Bringing a Photo to Life

DR. CLAIRE JANTZ RECOGNIZED AS ROLE MODEL AND LEADER

KARIN BOHLEKE RECREATES LOST WEDDING GOWN FOR WINTERTHUR MUSEUM

Dr. Claire Jantz is making a positive and sustainable difference in the South Mountain region. She was recently recognized with the Spirit of South Mountain Award, granted each year by the South Mountain Partnership (SMP) to honor an individual who works to advance the South Mountain Landscape.

They say a picture is worth a thousand words, but in Dr. Karin Bohleke’s case, it was worth well over a thousand stitches. The Winterthur Museum, a museum of American decorative arts in Delaware, commissioned Bohleke, director of the Fashion Archives and Museum of Shippensburg University, to recreate the lost 1916 wedding gown of Ruth Wales du Pont, wife of the museum’s founder, Henry Francis du Pont. Armed with two photos of the gown and a few newspaper clippings, Bohleke went to work mostly handsewing a replica. She identified the style type of the gown in surviving photos, and used her costume history knowledge to recreate areas hidden by the bouquet and veil. Bohleke used a 1916 silk dress from Shippensburg’s Fashion Archives Museum as a template for many of the interpretive sections. “Creating this dress was a fascinating and challenging project given that I had two photographs from which to work and the original dress does not survive. The New York Times reported that the dress was silver, and finding a good silver fabric was difficult,” explained Bohleke. To recreate the veil, which was originally worn by du Pont’s grandmother in the 1850’s, Bohleke used scraps of 100-plus-year-old antique lace. The completed dress and veil are now featured in the “Lady of the House” exhibit at the museum, which was once the 175-room house of the du Pont family.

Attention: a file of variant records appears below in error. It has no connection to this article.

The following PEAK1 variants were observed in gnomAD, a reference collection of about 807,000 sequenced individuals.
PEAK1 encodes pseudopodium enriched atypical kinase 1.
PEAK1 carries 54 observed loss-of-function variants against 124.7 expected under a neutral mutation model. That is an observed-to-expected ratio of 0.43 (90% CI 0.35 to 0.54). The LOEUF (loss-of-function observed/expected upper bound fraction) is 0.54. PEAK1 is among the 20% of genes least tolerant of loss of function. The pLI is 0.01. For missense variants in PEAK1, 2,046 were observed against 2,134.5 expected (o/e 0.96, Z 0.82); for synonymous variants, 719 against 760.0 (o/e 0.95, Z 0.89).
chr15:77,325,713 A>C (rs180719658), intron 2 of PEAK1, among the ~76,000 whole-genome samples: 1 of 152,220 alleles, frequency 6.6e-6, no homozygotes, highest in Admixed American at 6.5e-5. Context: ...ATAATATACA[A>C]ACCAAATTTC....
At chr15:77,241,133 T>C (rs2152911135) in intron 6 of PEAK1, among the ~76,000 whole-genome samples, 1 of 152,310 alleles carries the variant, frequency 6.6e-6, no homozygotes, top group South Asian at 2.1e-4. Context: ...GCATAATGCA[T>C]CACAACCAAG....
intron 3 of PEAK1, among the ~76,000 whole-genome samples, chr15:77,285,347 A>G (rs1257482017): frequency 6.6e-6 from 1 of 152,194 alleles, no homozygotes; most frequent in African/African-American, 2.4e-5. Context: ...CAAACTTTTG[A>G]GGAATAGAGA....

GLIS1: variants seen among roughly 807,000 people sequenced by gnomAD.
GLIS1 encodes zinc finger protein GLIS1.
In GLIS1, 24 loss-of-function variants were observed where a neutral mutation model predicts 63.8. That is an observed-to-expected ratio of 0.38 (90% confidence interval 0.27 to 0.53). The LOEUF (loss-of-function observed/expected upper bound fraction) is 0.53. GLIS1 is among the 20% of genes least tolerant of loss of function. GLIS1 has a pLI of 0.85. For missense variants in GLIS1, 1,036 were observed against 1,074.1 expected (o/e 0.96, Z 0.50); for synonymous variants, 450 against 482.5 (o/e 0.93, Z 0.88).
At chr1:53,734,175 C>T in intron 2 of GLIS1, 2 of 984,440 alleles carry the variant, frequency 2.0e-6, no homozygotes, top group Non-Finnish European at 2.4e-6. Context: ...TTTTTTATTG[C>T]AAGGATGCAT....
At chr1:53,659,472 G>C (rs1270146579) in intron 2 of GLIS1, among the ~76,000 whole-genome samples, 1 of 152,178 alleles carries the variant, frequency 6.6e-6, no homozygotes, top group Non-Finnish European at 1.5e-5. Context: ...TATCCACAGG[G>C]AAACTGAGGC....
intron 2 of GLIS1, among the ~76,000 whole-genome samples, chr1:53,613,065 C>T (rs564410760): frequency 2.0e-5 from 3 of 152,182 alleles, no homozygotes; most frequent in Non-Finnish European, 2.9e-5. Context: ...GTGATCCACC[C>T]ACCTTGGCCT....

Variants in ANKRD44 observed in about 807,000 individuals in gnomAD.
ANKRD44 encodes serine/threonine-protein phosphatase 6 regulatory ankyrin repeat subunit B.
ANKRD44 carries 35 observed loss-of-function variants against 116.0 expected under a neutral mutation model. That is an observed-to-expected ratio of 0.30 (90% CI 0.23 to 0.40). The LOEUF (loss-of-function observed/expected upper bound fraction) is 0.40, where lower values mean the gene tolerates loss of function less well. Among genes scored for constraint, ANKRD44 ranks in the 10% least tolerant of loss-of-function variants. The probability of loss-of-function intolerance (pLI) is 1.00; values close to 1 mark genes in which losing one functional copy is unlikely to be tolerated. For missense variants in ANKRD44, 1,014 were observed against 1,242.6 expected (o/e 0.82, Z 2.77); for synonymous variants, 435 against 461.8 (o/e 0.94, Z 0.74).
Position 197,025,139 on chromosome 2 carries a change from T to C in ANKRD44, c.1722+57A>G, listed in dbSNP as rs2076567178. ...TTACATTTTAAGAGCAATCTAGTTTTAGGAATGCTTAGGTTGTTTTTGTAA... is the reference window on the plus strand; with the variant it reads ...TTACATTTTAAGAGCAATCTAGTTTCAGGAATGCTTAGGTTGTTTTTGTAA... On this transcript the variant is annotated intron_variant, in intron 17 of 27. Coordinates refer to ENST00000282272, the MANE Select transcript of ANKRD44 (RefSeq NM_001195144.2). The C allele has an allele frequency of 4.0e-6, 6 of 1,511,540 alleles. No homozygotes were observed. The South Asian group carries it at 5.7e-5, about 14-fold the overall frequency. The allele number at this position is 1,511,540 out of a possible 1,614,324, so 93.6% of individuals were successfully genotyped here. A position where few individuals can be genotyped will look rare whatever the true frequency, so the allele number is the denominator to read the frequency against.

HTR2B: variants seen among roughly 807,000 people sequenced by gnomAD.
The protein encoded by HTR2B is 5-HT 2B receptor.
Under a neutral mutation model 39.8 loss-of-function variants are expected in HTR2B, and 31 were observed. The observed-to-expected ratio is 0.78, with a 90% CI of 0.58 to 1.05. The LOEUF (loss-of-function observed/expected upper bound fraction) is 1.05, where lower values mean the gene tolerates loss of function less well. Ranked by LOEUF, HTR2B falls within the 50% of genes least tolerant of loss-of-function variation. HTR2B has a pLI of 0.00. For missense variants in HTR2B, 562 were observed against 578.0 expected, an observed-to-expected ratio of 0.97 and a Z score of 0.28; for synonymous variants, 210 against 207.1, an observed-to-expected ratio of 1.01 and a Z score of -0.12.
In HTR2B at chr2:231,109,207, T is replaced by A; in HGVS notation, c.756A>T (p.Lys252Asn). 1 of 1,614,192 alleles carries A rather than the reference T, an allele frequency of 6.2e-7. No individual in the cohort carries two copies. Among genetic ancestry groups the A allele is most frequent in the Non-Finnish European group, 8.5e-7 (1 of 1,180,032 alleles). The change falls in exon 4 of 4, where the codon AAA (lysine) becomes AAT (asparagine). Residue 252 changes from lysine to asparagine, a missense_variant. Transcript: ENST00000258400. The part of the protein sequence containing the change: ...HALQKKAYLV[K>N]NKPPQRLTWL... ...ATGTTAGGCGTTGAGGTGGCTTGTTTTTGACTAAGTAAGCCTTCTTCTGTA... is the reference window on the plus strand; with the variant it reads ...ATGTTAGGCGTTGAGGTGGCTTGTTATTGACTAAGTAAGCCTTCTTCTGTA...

“Dr. Jantz’s work is transforming the South Mountain landscape from a region with little support available to partners wanting to make meaningful, data driven decisions about land use planning, transportation, conservation, recreation, and sustainability into to a region with a highly-regarded and accessible sustainability research center,” said Katie Hess, director of the South Mountain Partnership and director of Pennsylvania Landscape Conservation Appalachian Trail Conservancy. Jantz is a professor of geography/earth science and director for the Center for Land Use and Sustainability at Shippensburg University. She is a founding member and chair of the Friends of Michaux State Forest, working with DCNR to protect 85,000 acres of Michaux State Forest that house natural, cultural, and recreational resources at the heart of the South Mountain. Jantz recently protected one of the region’s remaining 19th century iron furnaces, Big Pond Furnace, from development and arranged transfer to The Archaeological Conservancy for permanent protection and future research. “It is imperative that we develop more role models like Claire to be bridges between academic disciplines and local communities and organizations and who help us to bring all people together to creatively solve the problems that we face as a region and a society,” said Hess.

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It’s Full Steam (plant) Ahead for the School of Engineering On April 13, 2021, Shippensburg University celebrated the opening of the new home for the School of Engineering. Located in the remodeled and reimagined Steam Plant at the entrance to campus, the new facility boasts state-of-the-art engineering labs and an eco-friendly and energy efficient design.

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During the ceremony, Shippensburg University President Laurie A. Carter reflected on the history of the building and the important role it has played. Right outside the walls of the Steam Plant, the railroad, now the Cumberland Valley Rail Trail, delivered goods, services, guests and students to the entrance of campus. “Now, the Steam Plant once again serves as a link between the university and the world preparing our engineers to solve the big problems of our world. In addition, students working in these labs in the name of academic credit will also simultaneously be working alongside and learning from industry partners in solving their real-world immediate problems. These opportunities will drive, for years to come, directly to career opportunities and deliver solutions to Pennsylvania industry and the workforce,” said Carter.

Beyond academics